Will try to add to this soon.

• Thank you for replying directly! I can see your reasoning for how the bi-elliptical transfer I excluded can in a sense be viewed as bi-tangential too. However, bringing in an inclination change makes this overly broad, as I am not sure if the hypothesis is right even for the coplanar case. As I see it, going out of a plane is fundamentally not a tangential manoeuvre. Jul 1, 2016 at 17:13
• @Hohmannfan (Googling tangent…) Seems in addition to "just touching", tangent also means going the same direction. So I guess you're right transfers between non coplanar orbits couldn't be bitangential. In the coplanar case, a proof doesn't occur to me. So at this point my belief is just an opinion. Jul 2, 2016 at 3:24
• My bounty is about to expire. This is not quite the answer I wanted, but because of your other good answers here, and your interesting work on tether transportation, I think you deserve the 100 points anyway. Jul 10, 2016 at 15:27
• @Hohmannfan Thanks, but I certainly don't deserve the bounty. Your question made me aware that a "fact" I had always taken for granted is actually an unproven conjecture (so far as I know). Since you asked it I have been searching for a proof (or disproof it turns out not be true). So far without success. Jul 11, 2016 at 3:19
• After a several rounds of bounties, I give up trying to bring attention to the question to get a definitive answer. Case closed. Nov 10, 2016 at 9:49

This is maybe not so much an answer as an observation I made while playing KSP; I don't know or have much interest in the math to look into this more rigorously, but maybe it can be useful as a starting point for further investigation.

I was trying to get from the cyan orbit to the pink orbit on a spacecraft with very limited delta-v and this was the best series of maneuvers I could come up with (and even then my remaining fuel was just barely enough).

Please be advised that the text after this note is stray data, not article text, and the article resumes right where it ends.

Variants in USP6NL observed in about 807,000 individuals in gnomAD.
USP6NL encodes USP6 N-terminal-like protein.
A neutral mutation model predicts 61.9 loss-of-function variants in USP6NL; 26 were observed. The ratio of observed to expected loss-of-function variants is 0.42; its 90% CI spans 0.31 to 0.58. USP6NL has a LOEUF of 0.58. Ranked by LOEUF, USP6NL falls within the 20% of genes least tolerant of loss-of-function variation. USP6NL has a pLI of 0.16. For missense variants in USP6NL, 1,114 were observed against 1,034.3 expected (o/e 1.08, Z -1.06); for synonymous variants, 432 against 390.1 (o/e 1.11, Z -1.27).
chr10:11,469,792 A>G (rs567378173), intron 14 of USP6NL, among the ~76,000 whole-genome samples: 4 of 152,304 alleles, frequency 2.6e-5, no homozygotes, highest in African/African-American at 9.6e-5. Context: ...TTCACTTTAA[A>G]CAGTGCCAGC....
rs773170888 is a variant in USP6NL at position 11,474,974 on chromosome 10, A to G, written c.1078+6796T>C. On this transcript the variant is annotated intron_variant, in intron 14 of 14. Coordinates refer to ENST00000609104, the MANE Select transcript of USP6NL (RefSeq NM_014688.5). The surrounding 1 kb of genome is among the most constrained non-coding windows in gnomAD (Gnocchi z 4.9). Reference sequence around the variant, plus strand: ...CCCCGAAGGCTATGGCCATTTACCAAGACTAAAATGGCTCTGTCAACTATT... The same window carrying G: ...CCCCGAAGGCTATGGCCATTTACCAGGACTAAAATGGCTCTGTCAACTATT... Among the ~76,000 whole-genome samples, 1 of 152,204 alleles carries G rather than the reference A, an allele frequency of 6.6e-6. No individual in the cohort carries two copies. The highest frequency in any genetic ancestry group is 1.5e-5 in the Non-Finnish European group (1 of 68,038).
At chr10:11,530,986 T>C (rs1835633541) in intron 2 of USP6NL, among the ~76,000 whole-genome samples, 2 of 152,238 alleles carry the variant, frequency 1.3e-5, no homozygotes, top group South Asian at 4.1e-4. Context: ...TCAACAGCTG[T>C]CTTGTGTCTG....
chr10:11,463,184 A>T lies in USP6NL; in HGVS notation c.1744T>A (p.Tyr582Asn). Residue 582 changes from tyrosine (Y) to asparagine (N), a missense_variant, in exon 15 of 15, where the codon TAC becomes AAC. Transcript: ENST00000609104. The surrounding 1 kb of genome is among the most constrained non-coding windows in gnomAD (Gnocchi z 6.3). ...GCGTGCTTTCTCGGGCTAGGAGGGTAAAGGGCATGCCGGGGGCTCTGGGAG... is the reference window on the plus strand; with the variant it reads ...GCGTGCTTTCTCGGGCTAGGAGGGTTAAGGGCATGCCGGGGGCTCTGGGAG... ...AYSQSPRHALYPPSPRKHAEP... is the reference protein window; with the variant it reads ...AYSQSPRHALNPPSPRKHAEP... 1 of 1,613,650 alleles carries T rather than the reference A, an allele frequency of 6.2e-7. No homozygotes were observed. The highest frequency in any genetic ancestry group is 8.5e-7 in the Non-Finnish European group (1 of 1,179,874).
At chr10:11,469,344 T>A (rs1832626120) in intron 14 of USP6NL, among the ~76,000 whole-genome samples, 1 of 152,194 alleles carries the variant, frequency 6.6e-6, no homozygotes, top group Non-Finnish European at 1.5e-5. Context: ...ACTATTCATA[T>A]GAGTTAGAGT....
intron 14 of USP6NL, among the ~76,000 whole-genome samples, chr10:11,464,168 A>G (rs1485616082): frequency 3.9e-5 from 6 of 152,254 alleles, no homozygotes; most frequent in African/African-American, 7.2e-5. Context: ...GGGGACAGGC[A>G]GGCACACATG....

The first maneuver (yellow, 54.9 m/s) was made at 60 degrees off tangent (27.5 m/s prograde and 47.5 m/s anti-normal), and so was the second maneuver (purple, 79.8 m/s: 40 m/s retrograde and 70 m/s anti-normal). I determined the position (timing) of the maneuvers experimentally, but they look like they're about halfway between apoapsis and periapsis. I tried playing with other timings and directions but nothing else seemed any better, though fiddling with maneuver nodes in KSP probably isn't exactly the best tool for this kind of optimization.

After seeing this question, I briefly tried to plan the same transfer using a bi-tangential ellipse but couldn't come up with anything that looked as efficient. I would be interested to hear if the strategy I used is provably better!

I found a diagram of something that looks similar to my strategy from the paper "New Solutions to Impulsive Correction for Argument of Perigee Using Gauss’s Variational Equations" by Gang Zhang, Haiyang Zhang, and Xibin Cao. I think this method comes from "Impulsive Transfer between Elliptical Orbits" by Derek F. Lawden. Interpreting these papers is beyond me, but I hope they're useful to someone with more relevant knowledge.

• At least this is useful as it provides a possible counterexample! Sep 14, 2023 at 13:51